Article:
Despite editor Tess Maunder’s opening description of Absolute Humidity as a “sweaty brow,” this book is refreshing. Published by Hardworking Goodlooking / Lobregat Balaguer, and printed in a printing stall recovering from fire damage in old downtown Manila, Absolute Humidity employs the weather as a deceptively simple premise to craft a collection of conversations with 28 artists and art collectives from the Asia-Pacific region. Free of art jargon, the collection is grounded in the lived realities of the region and the artists who work here. Over the last few months this book has become a welcome guest in my studio, gifting good conversation with the turn of a page.
Absolute Humidity casually carries the reader into the complex terrains of transnational relationships, ecological threats, disputed territories, anxiety, sovereignty, ancestry, nationalism, displacement, and migration through the relationship between weather and art-making. The publication is structured in three main sections. The opening section (“folds”) contains introductory texts that set the book’s tone; the main body (“interviews”) consists of 28 interviews with artists and collectives; and the closing section (“clouds”) contains a poster insert, biographies, colophon, and end notes.
Within the “folds” section is an exchange between Lucreccia Quintanilla and Léuli Māzyār Luna’i Eshraghi about the complexities of artistic and institutional approaches to “difference.” Though it’s written primarily in English, Sāmoan words occasionally appear in passing before the conversation shifts suddenly, and for almost a page, from English into Spanish — and then back into English with the following commentary from Quintanilla:
It should not be the case that our words hitting paper here unwittingly become some kind of political act. It should be a given that as human beings, we are entitled to multiplicity, to understanding that cultures are living organisms …. We’re not only driving home the point of our freedom of movement, expression, thought, but also our right to participate in and continue culture. Our languages, verbal and non-verbal, our aesthetics, our ways are our living cultural inheritance. They are not italicised Other. Nor are they static.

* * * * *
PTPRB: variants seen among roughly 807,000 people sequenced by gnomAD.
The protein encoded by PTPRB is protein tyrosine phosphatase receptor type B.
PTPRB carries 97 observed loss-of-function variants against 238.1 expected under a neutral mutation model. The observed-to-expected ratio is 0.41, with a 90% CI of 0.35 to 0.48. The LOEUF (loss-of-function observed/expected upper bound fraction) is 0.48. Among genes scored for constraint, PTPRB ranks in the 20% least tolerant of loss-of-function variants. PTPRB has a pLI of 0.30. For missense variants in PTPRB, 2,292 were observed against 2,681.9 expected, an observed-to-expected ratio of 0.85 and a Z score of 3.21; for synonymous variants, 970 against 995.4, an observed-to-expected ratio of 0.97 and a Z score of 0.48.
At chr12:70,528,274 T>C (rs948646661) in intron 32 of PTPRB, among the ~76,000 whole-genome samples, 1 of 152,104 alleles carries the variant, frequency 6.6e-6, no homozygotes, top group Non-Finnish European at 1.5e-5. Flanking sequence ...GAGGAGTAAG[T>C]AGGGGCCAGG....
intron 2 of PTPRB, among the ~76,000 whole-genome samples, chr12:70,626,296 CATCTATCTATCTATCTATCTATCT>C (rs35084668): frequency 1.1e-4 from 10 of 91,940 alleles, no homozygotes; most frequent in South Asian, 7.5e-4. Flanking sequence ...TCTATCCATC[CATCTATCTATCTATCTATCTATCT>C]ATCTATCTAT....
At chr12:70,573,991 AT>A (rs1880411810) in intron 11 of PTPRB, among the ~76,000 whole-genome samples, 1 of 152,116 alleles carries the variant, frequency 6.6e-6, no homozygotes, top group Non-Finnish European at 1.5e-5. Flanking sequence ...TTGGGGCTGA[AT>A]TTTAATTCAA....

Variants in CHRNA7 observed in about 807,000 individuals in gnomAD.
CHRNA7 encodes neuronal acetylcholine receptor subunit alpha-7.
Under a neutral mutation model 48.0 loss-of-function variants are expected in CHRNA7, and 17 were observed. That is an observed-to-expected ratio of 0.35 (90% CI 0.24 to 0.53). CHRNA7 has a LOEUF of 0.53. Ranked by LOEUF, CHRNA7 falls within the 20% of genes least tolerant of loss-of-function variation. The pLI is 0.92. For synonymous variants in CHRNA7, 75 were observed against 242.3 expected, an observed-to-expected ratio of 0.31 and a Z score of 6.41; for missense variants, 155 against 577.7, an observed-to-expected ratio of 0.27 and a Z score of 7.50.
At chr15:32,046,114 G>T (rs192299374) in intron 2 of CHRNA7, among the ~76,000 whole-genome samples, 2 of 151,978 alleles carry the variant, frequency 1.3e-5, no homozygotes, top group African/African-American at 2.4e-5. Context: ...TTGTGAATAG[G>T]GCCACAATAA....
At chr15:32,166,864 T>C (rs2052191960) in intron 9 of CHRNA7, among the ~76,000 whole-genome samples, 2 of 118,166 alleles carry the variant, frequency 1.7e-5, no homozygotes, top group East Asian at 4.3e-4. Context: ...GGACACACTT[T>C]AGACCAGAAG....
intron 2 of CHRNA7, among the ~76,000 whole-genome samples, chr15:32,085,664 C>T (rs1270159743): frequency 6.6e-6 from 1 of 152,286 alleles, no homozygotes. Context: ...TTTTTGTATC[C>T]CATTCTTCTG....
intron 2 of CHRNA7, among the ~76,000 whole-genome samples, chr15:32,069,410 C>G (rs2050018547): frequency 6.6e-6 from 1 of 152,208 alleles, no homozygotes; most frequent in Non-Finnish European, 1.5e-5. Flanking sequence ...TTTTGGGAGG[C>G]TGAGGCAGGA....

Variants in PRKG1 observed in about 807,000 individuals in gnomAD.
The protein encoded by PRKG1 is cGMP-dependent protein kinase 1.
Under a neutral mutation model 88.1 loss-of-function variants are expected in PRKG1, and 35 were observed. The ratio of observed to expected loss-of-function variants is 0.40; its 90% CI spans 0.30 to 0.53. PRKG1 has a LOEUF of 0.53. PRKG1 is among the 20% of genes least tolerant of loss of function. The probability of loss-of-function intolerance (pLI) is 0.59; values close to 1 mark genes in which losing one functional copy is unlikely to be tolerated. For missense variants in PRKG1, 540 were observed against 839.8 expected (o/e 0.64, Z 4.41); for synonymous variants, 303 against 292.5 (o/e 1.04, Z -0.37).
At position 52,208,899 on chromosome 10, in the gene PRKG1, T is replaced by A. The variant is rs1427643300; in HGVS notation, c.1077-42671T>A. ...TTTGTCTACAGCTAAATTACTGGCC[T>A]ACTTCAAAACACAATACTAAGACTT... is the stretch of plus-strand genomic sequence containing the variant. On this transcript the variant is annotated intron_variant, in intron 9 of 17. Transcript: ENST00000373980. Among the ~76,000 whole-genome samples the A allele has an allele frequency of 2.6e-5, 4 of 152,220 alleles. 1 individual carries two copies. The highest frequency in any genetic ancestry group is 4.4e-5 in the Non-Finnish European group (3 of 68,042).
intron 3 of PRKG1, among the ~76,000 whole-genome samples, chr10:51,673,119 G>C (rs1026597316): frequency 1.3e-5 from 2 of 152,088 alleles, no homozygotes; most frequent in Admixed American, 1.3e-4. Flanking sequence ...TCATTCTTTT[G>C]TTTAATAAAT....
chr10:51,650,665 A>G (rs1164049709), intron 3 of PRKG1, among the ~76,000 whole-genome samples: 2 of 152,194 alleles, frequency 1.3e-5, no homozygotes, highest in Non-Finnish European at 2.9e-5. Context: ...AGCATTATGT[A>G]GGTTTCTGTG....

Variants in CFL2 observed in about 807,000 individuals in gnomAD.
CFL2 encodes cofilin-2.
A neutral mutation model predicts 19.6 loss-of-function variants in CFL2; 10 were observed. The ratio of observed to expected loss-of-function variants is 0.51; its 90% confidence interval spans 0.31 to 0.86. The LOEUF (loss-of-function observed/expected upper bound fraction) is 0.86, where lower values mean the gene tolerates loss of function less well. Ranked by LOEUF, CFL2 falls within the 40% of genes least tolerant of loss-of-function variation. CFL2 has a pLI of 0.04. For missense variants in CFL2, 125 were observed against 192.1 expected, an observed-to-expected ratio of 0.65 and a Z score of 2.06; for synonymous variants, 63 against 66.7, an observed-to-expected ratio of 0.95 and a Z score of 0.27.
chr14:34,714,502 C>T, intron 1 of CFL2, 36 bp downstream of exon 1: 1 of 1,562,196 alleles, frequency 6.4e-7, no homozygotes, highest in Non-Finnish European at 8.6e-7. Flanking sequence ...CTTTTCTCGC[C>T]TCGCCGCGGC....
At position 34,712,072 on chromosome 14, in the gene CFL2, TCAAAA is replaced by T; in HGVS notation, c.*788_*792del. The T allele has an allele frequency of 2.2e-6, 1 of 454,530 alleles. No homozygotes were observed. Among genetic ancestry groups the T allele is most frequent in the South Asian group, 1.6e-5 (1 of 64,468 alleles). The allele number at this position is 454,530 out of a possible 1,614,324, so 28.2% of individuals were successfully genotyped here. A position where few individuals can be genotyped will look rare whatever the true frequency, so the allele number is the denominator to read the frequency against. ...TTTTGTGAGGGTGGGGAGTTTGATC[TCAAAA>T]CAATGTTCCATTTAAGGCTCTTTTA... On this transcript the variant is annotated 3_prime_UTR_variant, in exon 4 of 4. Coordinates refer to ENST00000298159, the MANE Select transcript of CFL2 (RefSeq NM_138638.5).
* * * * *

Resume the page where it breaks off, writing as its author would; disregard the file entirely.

This multi-lingual intervention, alongside opening essays by Raqs Media Collective and Brenda Croft, asserts the multiplicity of human experience and creative output. This current runs, with power and subtlety, throughout this book.
For the most part, Maunder’s questions are direct and succinct: “How did you begin your career as an artist? What do you think is the most urgent environmental concern today?” In one or two instances the answers are equally direct. Occasionally, artists who seek to highlight the nuance and complexity of their stories push back with thought-provoking responses. In unaffected, conversational language, Maunder, as the curator and editor, allows us to hear directly about the artists’ work, why they produce it, and how the “weather” (and their broader social, political, and personal contexts) comes to shape it. This reflects Maunder’s intention to bring curatorial practice back to its most basic form: listening to artists. There is immense value, as well as great pleasure, in this.
In Absolute Humidity’s conversations, we read about artists’ personal experiences and artistic processes that don’t often make it into the didactics of exhibitions or curatorial essays. We hear how New Delhi artist Ravi Agarwal’s childhood obsession with the camera followed him into adulthood and the world of environmental activism. Rirkrit Tiravanija shares his interest in dissemination as part of the artistic process. We come to understand how motherhood pushed Angela Tiatia toward a professional arts practice that challenges the systematic inequalities placed on the Pacific body by colonization, when she commenced art school as her five-year-old son began preschool. GULF Labour Coalition’s conversation highlights how the group’s genesis was profoundly influenced by the Arab Spring, while sharing the astounding fact that up to 90% of the UAE’s nine million residents are “low-skilled” migrant workers. Belyuen-based Karrabing Film Collective explain in great detail how their group formed in response to a massive neo-liberal reorganization of Australian governance of Indigenous life. Drew Kahu’āina Broderick demonstrates how, in the context of Hawai’i, descent is often entangled with expressions of dissent. And there is so much more.
Absolute Humidity is crafted with a welcome sense of humility, as Maunder listens and the artists infuse the conversations with the great plurality of difference across a region that occupies almost a quarter of the earth’s landmass and much more of its relational ocean surfaces. Absolute Humidity provides a timely glimpse of the worlds across the Asia-Pacific that produced these artists and, in turn, the worlds that these artists are producing, highlighting how these points, almost like a constellation of stars, shed light on some of the most urgent issues of our times, not least of which is the weather.
Absolute Humidity is edited by Tess Maunder and published in a limited edition of 400 by Hardworking Goodlooking / Lobregat Balaguer (2018).
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